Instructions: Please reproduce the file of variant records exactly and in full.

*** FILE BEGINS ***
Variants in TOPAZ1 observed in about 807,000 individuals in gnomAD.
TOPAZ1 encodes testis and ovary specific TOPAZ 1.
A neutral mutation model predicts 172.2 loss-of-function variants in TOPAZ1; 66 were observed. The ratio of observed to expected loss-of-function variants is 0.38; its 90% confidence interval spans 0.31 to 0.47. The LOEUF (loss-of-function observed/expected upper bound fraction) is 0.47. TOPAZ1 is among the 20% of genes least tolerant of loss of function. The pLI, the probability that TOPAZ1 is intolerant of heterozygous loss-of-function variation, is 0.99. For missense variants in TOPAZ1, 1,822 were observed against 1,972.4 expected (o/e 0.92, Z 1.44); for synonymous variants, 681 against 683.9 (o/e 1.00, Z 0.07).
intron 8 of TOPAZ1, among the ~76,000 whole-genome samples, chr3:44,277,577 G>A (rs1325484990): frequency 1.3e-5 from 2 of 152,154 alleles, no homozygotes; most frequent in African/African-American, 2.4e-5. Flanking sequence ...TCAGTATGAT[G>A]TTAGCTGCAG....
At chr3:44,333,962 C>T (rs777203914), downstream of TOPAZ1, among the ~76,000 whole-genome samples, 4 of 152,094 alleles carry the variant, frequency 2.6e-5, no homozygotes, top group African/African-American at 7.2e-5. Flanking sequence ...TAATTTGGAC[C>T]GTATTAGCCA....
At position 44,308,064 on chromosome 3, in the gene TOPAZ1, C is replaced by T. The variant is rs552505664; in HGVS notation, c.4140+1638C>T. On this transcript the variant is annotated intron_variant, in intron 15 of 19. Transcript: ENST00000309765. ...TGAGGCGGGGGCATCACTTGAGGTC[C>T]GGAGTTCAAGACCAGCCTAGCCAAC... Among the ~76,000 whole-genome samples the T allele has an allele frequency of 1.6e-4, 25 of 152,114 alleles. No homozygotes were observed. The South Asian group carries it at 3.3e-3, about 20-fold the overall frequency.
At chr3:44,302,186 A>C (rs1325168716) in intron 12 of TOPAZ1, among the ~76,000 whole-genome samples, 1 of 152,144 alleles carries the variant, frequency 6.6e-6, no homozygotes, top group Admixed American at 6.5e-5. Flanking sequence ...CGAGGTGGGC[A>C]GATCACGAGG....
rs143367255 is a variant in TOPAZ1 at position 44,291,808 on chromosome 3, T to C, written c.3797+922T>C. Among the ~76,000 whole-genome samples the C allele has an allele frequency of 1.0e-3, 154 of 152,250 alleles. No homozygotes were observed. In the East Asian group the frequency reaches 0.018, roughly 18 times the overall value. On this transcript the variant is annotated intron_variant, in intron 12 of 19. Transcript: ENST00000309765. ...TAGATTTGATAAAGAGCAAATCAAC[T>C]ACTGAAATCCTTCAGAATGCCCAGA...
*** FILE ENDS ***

Variants in TOPAZ1 observed in about 807,000 individuals in gnomAD.
TOPAZ1 encodes testis and ovary specific TOPAZ 1.
A neutral mutation model predicts 172.2 loss-of-function variants in TOPAZ1; 66 were observed. The ratio of observed to expected loss-of-function variants is 0.38; its 90% confidence interval spans 0.31 to 0.47. The LOEUF (loss-of-function observed/expected upper bound fraction) is 0.47. TOPAZ1 is among the 20% of genes least tolerant of loss of function. The pLI, the probability that TOPAZ1 is intolerant of heterozygous loss-of-function variation, is 0.99. For missense variants in TOPAZ1, 1,822 were observed against 1,972.4 expected (o/e 0.92, Z 1.44); for synonymous variants, 681 against 683.9 (o/e 1.00, Z 0.07).
intron 8 of TOPAZ1, among the ~76,000 whole-genome samples, chr3:44,277,577 G>A (rs1325484990): frequency 1.3e-5 from 2 of 152,154 alleles, no homozygotes; most frequent in African/African-American, 2.4e-5. Flanking sequence ...TCAGTATGAT[G>A]TTAGCTGCAG....
At chr3:44,333,962 C>T (rs777203914), downstream of TOPAZ1, among the ~76,000 whole-genome samples, 4 of 152,094 alleles carry the variant, frequency 2.6e-5, no homozygotes, top group African/African-American at 7.2e-5. Flanking sequence ...TAATTTGGAC[C>T]GTATTAGCCA....
At position 44,308,064 on chromosome 3, in the gene TOPAZ1, C is replaced by T. The variant is rs552505664; in HGVS notation, c.4140+1638C>T. On this transcript the variant is annotated intron_variant, in intron 15 of 19. Transcript: ENST00000309765. ...TGAGGCGGGGGCATCACTTGAGGTC[C>T]GGAGTTCAAGACCAGCCTAGCCAAC... Among the ~76,000 whole-genome samples the T allele has an allele frequency of 1.6e-4, 25 of 152,114 alleles. No homozygotes were observed. The South Asian group carries it at 3.3e-3, about 20-fold the overall frequency.
At chr3:44,302,186 A>C (rs1325168716) in intron 12 of TOPAZ1, among the ~76,000 whole-genome samples, 1 of 152,144 alleles carries the variant, frequency 6.6e-6, no homozygotes, top group Admixed American at 6.5e-5. Flanking sequence ...CGAGGTGGGC[A>C]GATCACGAGG....
rs143367255 is a variant in TOPAZ1 at position 44,291,808 on chromosome 3, T to C, written c.3797+922T>C. Among the ~76,000 whole-genome samples the C allele has an allele frequency of 1.0e-3, 154 of 152,250 alleles. No homozygotes were observed. In the East Asian group the frequency reaches 0.018, roughly 18 times the overall value. On this transcript the variant is annotated intron_variant, in intron 12 of 19. Transcript: ENST00000309765. ...TAGATTTGATAAAGAGCAAATCAAC[T>C]ACTGAAATCCTTCAGAATGCCCAGA...